No, it is the "field rate" to use the correct term. I abbreviated "fields per second" as "FPS" .
Originally Posted by Athiril
This concept of interlacing is one of the most misunderstood subjects among video/film technology, but it is very easy and simple once you get it.
It is easiest to say that video is shot at 59.94 or 50 frames per second, and forget the interlacing when talking about smoothness of the motion or frame rates.
Interlacing is a primitive "compression" scheme which compromises resolution or clarity, not frame rate. There are 50/60 individual frames shot every second, it is just that they are half of the full resolution but shot every other at a different "location" so that the resolution integrates to "full" resolution in our eyes. But, a new picture is taken 50/60 times per second and that is exactly why it looks so much smoother than 24 FPS material. We can also take any of these 50 or 60 video frames and look at it. It is a complete reproduction of any taken moment. It is just half of the resolution compared to what the moving image looks like.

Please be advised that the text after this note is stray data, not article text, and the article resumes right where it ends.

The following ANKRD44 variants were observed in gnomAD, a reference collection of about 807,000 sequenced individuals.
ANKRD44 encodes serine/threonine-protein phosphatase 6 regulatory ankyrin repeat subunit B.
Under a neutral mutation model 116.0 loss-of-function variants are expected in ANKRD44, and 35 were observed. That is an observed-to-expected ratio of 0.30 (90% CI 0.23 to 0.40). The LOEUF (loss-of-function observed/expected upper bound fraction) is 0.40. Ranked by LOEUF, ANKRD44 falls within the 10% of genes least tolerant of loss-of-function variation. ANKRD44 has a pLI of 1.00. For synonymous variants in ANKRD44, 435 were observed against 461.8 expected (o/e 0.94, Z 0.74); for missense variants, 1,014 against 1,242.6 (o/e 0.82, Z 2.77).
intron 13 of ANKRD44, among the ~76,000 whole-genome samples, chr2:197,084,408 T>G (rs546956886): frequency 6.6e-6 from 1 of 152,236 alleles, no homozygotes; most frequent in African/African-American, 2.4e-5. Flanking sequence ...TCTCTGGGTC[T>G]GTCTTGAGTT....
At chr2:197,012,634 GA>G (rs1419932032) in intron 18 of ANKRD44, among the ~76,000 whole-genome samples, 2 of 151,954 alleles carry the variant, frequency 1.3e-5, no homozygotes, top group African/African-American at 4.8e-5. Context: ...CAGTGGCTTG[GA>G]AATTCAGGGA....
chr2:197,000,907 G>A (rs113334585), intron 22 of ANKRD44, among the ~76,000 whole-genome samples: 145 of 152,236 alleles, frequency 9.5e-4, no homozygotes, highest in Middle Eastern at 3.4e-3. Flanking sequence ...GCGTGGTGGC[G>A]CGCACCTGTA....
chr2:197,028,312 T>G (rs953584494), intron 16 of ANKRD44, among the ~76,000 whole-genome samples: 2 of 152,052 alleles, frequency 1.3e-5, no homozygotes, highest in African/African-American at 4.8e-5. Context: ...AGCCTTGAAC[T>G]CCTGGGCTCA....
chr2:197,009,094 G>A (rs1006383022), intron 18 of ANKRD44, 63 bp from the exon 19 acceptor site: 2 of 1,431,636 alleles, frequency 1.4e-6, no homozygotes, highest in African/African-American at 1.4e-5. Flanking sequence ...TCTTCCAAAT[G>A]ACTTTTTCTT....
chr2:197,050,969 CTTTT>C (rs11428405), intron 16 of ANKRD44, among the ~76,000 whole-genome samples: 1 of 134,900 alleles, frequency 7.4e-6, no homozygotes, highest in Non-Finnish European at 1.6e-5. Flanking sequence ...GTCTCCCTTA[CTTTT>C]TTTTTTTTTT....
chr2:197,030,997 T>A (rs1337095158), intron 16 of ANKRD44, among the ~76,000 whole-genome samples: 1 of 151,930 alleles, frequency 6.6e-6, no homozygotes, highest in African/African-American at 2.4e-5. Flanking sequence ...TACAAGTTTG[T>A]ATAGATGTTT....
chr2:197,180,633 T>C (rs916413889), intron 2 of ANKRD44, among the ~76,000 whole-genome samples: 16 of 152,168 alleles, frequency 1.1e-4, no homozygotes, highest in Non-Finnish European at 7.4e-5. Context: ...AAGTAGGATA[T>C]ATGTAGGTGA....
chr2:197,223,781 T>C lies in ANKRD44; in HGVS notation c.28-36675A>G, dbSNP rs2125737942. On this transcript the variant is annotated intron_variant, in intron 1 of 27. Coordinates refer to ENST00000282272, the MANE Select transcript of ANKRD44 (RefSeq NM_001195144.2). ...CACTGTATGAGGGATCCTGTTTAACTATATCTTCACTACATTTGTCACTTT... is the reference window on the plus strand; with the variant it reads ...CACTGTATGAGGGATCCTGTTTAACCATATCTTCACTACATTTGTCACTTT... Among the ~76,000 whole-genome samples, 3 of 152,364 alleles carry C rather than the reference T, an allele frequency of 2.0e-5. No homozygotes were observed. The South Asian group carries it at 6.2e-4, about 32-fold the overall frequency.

Unfortunately, the terminology to call individual temporal samples as "fields" and two of them as a "frame" is so misleading that 99% of people who know a bit about interlacing do misunderstand the whole concept. There are technical reasons for the terminology but from the end-result point of view it is misleading.
In fact, as film material also gains more clarity and resolution when it runs because the grains at different locations integrate in our eyes, it is somewhat similar to "interlaced" video material. If the video material was like film strip, there would be 50 or 60 frames in a second.
Last edited by hrst; 04-15-2011 at 03:25 AM. Click to view previous post history.